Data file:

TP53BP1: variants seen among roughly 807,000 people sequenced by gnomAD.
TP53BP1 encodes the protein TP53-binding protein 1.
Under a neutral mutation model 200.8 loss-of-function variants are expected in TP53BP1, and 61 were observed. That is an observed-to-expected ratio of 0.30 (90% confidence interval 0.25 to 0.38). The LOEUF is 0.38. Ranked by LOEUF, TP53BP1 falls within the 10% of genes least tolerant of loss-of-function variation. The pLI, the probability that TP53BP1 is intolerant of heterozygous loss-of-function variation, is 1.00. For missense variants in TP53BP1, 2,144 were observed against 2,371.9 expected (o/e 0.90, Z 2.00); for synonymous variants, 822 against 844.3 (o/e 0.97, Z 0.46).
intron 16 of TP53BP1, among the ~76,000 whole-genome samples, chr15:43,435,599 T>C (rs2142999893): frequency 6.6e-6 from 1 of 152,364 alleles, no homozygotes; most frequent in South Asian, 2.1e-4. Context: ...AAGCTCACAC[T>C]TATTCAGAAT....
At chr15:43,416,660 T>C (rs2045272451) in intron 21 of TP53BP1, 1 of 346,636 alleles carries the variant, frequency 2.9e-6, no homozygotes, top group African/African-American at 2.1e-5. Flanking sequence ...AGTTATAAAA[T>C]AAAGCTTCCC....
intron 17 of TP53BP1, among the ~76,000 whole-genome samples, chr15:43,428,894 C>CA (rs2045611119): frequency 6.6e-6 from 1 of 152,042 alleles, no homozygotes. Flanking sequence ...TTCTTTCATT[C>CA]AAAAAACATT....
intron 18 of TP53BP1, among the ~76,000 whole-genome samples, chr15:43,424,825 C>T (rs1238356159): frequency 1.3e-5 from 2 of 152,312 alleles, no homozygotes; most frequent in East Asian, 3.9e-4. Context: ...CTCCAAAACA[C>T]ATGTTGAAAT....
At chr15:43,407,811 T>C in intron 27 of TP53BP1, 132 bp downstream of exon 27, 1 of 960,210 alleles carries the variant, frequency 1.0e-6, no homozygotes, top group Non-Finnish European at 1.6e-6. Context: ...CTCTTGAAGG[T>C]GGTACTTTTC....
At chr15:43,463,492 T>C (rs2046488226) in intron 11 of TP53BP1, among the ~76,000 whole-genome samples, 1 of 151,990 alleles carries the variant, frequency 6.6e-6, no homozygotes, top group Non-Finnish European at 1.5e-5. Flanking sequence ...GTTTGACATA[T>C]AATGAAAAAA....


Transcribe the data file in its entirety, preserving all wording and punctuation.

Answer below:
TP53BP1: variants seen among roughly 807,000 people sequenced by gnomAD.
TP53BP1 encodes the protein TP53-binding protein 1.
Under a neutral mutation model 200.8 loss-of-function variants are expected in TP53BP1, and 61 were observed. That is an observed-to-expected ratio of 0.30 (90% confidence interval 0.25 to 0.38). The LOEUF is 0.38. Ranked by LOEUF, TP53BP1 falls within the 10% of genes least tolerant of loss-of-function variation. The pLI, the probability that TP53BP1 is intolerant of heterozygous loss-of-function variation, is 1.00. For missense variants in TP53BP1, 2,144 were observed against 2,371.9 expected (o/e 0.90, Z 2.00); for synonymous variants, 822 against 844.3 (o/e 0.97, Z 0.46).
intron 16 of TP53BP1, among the ~76,000 whole-genome samples, chr15:43,435,599 T>C (rs2142999893): frequency 6.6e-6 from 1 of 152,364 alleles, no homozygotes; most frequent in South Asian, 2.1e-4. Context: ...AAGCTCACAC[T>C]TATTCAGAAT....
At chr15:43,416,660 T>C (rs2045272451) in intron 21 of TP53BP1, 1 of 346,636 alleles carries the variant, frequency 2.9e-6, no homozygotes, top group African/African-American at 2.1e-5. Flanking sequence ...AGTTATAAAA[T>C]AAAGCTTCCC....
intron 17 of TP53BP1, among the ~76,000 whole-genome samples, chr15:43,428,894 C>CA (rs2045611119): frequency 6.6e-6 from 1 of 152,042 alleles, no homozygotes. Flanking sequence ...TTCTTTCATT[C>CA]AAAAAACATT....
intron 18 of TP53BP1, among the ~76,000 whole-genome samples, chr15:43,424,825 C>T (rs1238356159): frequency 1.3e-5 from 2 of 152,312 alleles, no homozygotes; most frequent in East Asian, 3.9e-4. Context: ...CTCCAAAACA[C>T]ATGTTGAAAT....
At chr15:43,407,811 T>C in intron 27 of TP53BP1, 132 bp downstream of exon 27, 1 of 960,210 alleles carries the variant, frequency 1.0e-6, no homozygotes, top group Non-Finnish European at 1.6e-6. Context: ...CTCTTGAAGG[T>C]GGTACTTTTC....
At chr15:43,463,492 T>C (rs2046488226) in intron 11 of TP53BP1, among the ~76,000 whole-genome samples, 1 of 151,990 alleles carries the variant, frequency 6.6e-6, no homozygotes, top group Non-Finnish European at 1.5e-5. Flanking sequence ...GTTTGACATA[T>C]AATGAAAAAA....